But that doesn’t even feel like enough.
I trusted Mike.
I’ve played a lot of D&D – been playing since 1999 or so. A lot of those tables were fun and engaging in their way, but for a lot of reasons I never really trusted either the other players, or especially the DMs. When I joined the Dar na Theria game in 2012, it took me YEARS to feel like I could trust the table with emotional and hard and vulnerable roleplaying.
When I rolled Anvari for the Korvosa game in 2015, I began the process of trusting Mike as a DM and not just as a fellow player. Over the years, that trust expanded, until for the last two years or so, my character has been in the spotlight, and so – accordingly – have I.
I don’t like being there. It’s too vulnerable, there’s too much riding on me and my roleplaying. But Mike never allowed that uncertainty to change the story he wanted to tell with me, and he never questioned that I was capable enough to shine there, as both a player and a creative force. There were hours of DMs, sometimes late into the night after games, of him helping me process what happened. Never giving things away – he was too good of a DM to pull back the curtain – but just helping me see what had happened, see how to respond. Learning how I reacted as a player, and altering future games to make me both more in the spotlight, and more comfortable there.
I trusted Mike, and I loved him.
He engendered trust, I think in everyone he met.
To lose that is unspeakable. It’s to have lost Anvari, in ways that I don’t think I can really put into words except to say that Anvari was as much Mike’s character as she was mine, and I have no desire ever to try to resolve all of those stories without him to guide them. It’s to have watched the Slack of Many Things change, the dynamic never the same without that presence in our midst. (Which is not to say that the SoMT isn’t going to stick around, just that it is different now.)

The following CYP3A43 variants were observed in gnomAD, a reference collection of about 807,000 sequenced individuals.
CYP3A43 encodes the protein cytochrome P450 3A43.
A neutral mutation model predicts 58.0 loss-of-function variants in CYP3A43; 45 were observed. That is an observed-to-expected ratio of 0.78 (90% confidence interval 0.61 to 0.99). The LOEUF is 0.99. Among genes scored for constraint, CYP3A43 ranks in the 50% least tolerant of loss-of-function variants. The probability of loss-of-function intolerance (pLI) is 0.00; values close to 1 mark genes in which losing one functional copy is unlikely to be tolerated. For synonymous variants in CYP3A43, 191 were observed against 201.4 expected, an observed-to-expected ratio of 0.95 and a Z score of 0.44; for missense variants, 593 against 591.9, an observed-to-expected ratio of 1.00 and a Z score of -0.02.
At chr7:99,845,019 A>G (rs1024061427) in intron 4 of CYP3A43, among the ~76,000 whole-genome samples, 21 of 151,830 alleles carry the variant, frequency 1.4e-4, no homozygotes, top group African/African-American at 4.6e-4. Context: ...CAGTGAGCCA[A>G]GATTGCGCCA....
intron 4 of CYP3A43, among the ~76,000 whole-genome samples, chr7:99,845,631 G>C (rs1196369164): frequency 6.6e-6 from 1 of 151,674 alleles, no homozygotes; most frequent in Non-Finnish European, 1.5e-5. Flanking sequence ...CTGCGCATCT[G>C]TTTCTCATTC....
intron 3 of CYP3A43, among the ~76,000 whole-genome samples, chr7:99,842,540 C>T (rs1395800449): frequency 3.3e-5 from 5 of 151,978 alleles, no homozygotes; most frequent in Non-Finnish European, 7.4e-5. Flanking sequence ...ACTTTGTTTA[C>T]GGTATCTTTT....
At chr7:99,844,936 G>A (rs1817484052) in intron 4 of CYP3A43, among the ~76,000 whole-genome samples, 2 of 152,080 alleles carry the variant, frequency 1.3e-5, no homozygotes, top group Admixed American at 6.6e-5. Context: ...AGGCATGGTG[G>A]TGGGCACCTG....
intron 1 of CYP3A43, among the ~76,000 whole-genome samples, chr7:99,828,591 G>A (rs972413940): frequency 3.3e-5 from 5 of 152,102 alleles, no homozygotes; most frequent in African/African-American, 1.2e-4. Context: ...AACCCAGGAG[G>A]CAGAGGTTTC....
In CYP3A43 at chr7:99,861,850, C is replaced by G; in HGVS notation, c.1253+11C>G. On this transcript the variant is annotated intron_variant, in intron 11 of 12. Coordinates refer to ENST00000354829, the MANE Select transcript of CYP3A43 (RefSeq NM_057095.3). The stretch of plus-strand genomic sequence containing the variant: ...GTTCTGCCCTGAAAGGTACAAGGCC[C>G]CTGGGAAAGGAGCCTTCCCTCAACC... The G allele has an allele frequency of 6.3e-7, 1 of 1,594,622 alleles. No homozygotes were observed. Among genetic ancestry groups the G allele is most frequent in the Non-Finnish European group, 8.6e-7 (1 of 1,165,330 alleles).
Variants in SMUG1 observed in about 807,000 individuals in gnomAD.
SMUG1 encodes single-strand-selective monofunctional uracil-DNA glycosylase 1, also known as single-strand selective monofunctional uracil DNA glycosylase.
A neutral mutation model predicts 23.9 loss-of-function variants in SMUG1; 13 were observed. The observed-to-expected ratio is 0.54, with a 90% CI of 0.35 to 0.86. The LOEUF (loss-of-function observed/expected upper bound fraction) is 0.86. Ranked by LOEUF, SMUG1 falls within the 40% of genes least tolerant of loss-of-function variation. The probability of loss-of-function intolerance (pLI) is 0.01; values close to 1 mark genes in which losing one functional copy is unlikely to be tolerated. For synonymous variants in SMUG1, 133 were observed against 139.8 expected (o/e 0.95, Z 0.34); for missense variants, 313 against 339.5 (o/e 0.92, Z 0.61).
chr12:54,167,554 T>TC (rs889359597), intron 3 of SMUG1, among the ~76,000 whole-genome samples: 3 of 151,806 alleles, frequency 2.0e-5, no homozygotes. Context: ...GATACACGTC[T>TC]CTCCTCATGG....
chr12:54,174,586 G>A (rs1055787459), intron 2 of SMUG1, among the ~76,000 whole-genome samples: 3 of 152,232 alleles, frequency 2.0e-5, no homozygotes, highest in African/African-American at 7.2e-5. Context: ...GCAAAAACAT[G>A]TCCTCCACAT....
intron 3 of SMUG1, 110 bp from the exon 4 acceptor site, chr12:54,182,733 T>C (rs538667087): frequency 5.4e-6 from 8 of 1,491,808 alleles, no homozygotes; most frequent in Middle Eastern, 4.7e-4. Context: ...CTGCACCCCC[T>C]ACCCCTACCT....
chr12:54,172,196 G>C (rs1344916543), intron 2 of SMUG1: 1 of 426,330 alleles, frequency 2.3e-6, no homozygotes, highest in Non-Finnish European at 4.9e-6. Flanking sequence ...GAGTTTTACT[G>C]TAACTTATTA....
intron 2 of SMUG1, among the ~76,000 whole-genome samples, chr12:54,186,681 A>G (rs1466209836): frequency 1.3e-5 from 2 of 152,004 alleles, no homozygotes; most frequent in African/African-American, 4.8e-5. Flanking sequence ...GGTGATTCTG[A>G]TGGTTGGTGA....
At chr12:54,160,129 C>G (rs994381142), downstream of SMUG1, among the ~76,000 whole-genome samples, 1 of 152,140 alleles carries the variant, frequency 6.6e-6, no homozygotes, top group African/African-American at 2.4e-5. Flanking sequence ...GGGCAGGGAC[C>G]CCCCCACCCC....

It’s a million little ways that today, on what would have been his 39th birthday and more than seven weeks after his death, I still struggle to find words and still cry unexpectedly when someone or something reminds me of him.
I miss my friend.
I trusted Mike, and I loved him.
The world is different without him in it, and I cannot bring myself to type “goodbye,” so I won’t.
I’m a Druid and a Priest and an Animist, and there’s lots of things I could say about ancestors and people who have passed. Things I have said at funerals and memorial services. None of them fit. I don’t want them to fit. I want my friend back. And maybe next year, during this time when so many of us talk about those who have died, I’ll be able to think of him that way. This year, all I can do is put my dice bag next to the candles and hope that wherever he is and whatever he is doing – whatever new adventure it is that he’s embarked on – he is surrounded by love and trust and laughter that matches the love and trust and laughter that he surrounded all of us with while we were fortunate enough to know him.
Thank you, Rades, for everything.
The world isn’t the same without you in it, but my gods what an impact you made while you were here.